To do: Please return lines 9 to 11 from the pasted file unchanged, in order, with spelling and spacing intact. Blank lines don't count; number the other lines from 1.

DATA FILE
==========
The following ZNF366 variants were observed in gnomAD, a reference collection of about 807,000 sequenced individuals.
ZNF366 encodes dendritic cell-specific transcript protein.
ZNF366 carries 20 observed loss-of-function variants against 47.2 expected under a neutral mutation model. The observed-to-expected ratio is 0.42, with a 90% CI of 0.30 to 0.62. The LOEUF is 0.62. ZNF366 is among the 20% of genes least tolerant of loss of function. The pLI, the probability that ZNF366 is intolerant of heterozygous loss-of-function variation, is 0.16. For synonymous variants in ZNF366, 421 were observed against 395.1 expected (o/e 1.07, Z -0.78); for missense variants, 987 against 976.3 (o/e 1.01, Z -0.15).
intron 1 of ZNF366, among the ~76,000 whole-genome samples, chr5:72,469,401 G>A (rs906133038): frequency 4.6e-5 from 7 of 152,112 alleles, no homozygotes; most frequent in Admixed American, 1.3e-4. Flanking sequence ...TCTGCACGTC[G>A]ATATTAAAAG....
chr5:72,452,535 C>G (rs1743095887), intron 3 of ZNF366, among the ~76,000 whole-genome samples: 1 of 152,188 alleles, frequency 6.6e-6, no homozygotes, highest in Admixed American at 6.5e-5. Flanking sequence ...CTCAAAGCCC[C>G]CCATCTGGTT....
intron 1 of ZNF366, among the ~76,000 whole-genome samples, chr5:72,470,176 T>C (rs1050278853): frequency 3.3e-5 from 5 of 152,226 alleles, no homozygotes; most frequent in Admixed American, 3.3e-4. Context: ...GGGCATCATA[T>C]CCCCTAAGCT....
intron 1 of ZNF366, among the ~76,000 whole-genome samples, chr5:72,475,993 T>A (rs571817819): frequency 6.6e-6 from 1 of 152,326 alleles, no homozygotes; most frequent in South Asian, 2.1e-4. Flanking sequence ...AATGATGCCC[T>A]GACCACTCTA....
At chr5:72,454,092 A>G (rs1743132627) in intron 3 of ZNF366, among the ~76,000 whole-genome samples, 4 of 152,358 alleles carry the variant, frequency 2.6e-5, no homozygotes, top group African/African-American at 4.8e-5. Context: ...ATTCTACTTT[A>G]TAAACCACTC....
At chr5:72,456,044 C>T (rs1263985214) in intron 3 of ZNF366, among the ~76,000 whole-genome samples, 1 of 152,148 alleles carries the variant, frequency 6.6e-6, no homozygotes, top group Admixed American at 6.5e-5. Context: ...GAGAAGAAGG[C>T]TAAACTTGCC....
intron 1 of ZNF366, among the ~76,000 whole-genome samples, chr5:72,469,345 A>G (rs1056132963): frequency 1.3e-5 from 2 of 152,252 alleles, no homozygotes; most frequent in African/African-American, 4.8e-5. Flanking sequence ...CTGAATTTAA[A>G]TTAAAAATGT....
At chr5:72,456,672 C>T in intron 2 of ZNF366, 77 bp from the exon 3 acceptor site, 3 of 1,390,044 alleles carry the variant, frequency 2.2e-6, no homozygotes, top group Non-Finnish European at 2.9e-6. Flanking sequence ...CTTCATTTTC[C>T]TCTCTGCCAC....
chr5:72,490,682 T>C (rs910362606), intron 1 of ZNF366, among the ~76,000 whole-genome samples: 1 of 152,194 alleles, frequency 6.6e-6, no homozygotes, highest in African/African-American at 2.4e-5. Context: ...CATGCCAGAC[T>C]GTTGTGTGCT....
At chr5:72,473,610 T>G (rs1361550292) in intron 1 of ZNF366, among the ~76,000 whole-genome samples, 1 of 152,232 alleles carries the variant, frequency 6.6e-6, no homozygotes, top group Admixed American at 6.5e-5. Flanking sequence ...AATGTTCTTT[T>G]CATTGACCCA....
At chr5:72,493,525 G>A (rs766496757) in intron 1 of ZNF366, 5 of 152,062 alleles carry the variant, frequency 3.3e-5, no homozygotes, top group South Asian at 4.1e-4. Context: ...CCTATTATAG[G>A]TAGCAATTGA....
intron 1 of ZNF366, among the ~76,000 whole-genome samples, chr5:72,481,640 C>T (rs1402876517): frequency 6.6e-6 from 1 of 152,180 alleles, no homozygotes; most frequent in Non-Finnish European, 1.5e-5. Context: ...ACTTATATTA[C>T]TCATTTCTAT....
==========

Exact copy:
At chr5:72,456,044 C>T (rs1263985214) in intron 3 of ZNF366, among the ~76,000 whole-genome samples, 1 of 152,148 alleles carries the variant, frequency 6.6e-6, no homozygotes, top group Admixed American at 6.5e-5. Context: ...GAGAAGAAGG[C>T]TAAACTTGCC....
intron 1 of ZNF366, among the ~76,000 whole-genome samples, chr5:72,469,345 A>G (rs1056132963): frequency 1.3e-5 from 2 of 152,252 alleles, no homozygotes; most frequent in African/African-American, 4.8e-5. Flanking sequence ...CTGAATTTAA[A>G]TTAAAAATGT....
At chr5:72,456,672 C>T in intron 2 of ZNF366, 77 bp from the exon 3 acceptor site, 3 of 1,390,044 alleles carry the variant, frequency 2.2e-6, no homozygotes, top group Non-Finnish European at 2.9e-6. Flanking sequence ...CTTCATTTTC[C>T]TCTCTGCCAC....